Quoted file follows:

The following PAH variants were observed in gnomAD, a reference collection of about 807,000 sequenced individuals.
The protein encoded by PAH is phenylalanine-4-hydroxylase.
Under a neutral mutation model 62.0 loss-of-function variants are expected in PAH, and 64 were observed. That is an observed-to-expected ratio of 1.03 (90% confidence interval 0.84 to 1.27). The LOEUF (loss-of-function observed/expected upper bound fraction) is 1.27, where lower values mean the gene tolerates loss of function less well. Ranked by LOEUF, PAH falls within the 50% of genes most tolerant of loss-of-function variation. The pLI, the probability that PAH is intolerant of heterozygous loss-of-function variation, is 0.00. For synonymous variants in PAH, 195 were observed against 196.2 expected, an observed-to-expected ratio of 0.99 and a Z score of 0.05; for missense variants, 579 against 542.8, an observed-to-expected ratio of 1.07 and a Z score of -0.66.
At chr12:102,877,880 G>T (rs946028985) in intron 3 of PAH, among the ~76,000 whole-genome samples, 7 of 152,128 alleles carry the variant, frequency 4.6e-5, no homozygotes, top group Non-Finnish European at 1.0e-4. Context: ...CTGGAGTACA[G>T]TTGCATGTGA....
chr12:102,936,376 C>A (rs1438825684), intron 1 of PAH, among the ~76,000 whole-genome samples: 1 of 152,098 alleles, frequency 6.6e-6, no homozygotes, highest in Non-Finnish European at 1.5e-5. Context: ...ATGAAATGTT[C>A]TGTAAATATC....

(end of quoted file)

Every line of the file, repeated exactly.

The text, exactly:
The following PAH variants were observed in gnomAD, a reference collection of about 807,000 sequenced individuals.
The protein encoded by PAH is phenylalanine-4-hydroxylase.
Under a neutral mutation model 62.0 loss-of-function variants are expected in PAH, and 64 were observed. That is an observed-to-expected ratio of 1.03 (90% confidence interval 0.84 to 1.27). The LOEUF (loss-of-function observed/expected upper bound fraction) is 1.27, where lower values mean the gene tolerates loss of function less well. Ranked by LOEUF, PAH falls within the 50% of genes most tolerant of loss-of-function variation. The pLI, the probability that PAH is intolerant of heterozygous loss-of-function variation, is 0.00. For synonymous variants in PAH, 195 were observed against 196.2 expected, an observed-to-expected ratio of 0.99 and a Z score of 0.05; for missense variants, 579 against 542.8, an observed-to-expected ratio of 1.07 and a Z score of -0.66.
At chr12:102,877,880 G>T (rs946028985) in intron 3 of PAH, among the ~76,000 whole-genome samples, 7 of 152,128 alleles carry the variant, frequency 4.6e-5, no homozygotes, top group Non-Finnish European at 1.0e-4. Context: ...CTGGAGTACA[G>T]TTGCATGTGA....
chr12:102,936,376 C>A (rs1438825684), intron 1 of PAH, among the ~76,000 whole-genome samples: 1 of 152,098 alleles, frequency 6.6e-6, no homozygotes, highest in Non-Finnish European at 1.5e-5. Context: ...ATGAAATGTT[C>A]TGTAAATATC....